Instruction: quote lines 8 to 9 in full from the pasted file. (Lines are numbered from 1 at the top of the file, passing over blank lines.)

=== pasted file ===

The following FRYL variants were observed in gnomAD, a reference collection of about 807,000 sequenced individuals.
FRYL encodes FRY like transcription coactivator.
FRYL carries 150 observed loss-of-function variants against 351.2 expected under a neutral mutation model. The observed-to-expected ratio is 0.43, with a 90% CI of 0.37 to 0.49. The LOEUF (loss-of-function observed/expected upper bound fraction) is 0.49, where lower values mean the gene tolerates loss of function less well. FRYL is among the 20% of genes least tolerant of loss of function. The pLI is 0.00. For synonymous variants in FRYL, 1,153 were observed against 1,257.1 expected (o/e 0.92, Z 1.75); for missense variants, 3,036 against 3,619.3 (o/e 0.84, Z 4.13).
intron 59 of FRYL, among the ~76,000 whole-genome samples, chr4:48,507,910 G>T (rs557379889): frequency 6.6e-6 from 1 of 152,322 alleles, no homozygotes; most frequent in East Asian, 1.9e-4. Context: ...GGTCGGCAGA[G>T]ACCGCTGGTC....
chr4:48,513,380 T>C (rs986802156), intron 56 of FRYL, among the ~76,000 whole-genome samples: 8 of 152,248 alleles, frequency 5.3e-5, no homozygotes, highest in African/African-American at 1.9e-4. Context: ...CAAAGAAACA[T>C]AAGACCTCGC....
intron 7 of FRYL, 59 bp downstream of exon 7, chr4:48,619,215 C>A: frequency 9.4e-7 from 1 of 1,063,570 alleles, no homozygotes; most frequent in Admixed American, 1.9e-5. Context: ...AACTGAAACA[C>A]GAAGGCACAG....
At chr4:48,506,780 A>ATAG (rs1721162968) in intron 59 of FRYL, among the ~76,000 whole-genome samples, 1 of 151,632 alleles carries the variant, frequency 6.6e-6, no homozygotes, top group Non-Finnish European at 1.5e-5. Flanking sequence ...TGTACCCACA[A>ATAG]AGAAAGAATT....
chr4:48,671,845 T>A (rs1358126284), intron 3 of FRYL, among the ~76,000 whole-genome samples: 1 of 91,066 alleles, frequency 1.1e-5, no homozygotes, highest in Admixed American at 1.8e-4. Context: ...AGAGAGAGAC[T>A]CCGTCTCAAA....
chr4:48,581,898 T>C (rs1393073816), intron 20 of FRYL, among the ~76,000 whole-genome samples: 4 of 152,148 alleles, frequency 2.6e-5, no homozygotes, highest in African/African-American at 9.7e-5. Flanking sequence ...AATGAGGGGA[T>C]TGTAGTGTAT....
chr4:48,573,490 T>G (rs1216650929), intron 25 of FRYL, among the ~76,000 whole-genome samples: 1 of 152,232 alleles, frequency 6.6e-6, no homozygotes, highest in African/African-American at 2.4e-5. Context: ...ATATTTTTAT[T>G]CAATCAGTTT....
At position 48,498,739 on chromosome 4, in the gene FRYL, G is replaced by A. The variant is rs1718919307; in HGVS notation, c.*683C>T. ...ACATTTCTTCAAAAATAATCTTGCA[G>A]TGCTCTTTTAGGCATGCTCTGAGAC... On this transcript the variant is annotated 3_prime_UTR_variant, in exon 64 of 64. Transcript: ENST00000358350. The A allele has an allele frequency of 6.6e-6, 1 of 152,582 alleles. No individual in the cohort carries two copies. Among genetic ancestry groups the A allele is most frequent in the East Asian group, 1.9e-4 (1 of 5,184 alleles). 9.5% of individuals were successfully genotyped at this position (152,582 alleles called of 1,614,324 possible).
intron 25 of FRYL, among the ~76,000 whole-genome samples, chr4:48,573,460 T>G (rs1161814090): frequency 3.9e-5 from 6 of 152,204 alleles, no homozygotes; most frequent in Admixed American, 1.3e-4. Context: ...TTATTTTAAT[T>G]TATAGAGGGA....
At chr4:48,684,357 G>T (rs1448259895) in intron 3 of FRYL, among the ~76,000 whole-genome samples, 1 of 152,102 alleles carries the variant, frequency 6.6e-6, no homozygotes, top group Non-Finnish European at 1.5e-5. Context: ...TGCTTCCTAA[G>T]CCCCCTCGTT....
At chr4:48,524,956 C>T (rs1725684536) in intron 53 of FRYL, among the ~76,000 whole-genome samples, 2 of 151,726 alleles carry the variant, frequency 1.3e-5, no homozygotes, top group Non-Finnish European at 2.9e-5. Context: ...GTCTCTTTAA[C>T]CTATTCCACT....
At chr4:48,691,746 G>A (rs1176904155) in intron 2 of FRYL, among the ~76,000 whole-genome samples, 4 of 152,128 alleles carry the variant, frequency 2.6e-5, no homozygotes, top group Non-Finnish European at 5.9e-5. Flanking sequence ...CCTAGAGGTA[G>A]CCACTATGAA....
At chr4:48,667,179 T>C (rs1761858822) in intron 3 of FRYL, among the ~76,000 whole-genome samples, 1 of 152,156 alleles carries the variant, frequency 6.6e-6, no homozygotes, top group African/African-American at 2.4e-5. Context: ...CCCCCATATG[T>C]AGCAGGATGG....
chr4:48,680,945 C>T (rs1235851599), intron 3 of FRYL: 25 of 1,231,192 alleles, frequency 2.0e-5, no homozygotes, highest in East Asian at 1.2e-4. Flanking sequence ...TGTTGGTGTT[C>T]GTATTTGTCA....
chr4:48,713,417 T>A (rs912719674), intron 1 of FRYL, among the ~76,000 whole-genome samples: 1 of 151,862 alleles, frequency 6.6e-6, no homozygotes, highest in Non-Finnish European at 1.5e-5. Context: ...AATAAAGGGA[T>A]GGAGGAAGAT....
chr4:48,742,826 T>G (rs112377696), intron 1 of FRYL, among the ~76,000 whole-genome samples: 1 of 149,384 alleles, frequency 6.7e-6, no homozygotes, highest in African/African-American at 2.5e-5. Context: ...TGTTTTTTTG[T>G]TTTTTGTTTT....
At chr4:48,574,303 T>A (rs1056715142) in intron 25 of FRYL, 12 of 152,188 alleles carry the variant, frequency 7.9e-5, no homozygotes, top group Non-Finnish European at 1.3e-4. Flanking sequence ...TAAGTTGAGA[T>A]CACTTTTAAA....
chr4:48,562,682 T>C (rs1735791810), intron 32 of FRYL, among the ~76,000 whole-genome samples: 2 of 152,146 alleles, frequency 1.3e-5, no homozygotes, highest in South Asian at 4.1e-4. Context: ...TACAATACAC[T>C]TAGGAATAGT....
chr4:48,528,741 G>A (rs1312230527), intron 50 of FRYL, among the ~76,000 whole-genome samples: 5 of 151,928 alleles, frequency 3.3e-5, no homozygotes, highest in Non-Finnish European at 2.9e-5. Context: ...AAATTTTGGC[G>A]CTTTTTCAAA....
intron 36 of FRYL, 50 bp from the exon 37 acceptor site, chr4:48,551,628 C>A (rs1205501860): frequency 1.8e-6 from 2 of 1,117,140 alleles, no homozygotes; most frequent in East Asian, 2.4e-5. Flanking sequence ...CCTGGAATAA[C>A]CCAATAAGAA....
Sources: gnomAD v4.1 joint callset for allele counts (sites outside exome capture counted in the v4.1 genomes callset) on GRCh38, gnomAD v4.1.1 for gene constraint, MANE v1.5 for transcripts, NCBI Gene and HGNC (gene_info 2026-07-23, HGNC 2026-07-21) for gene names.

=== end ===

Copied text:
chr4:48,671,845 T>A (rs1358126284), intron 3 of FRYL, among the ~76,000 whole-genome samples: 1 of 91,066 alleles, frequency 1.1e-5, no homozygotes, highest in Admixed American at 1.8e-4. Context: ...AGAGAGAGAC[T>A]CCGTCTCAAA....
chr4:48,581,898 T>C (rs1393073816), intron 20 of FRYL, among the ~76,000 whole-genome samples: 4 of 152,148 alleles, frequency 2.6e-5, no homozygotes, highest in African/African-American at 9.7e-5. Flanking sequence ...AATGAGGGGA[T>C]TGTAGTGTAT....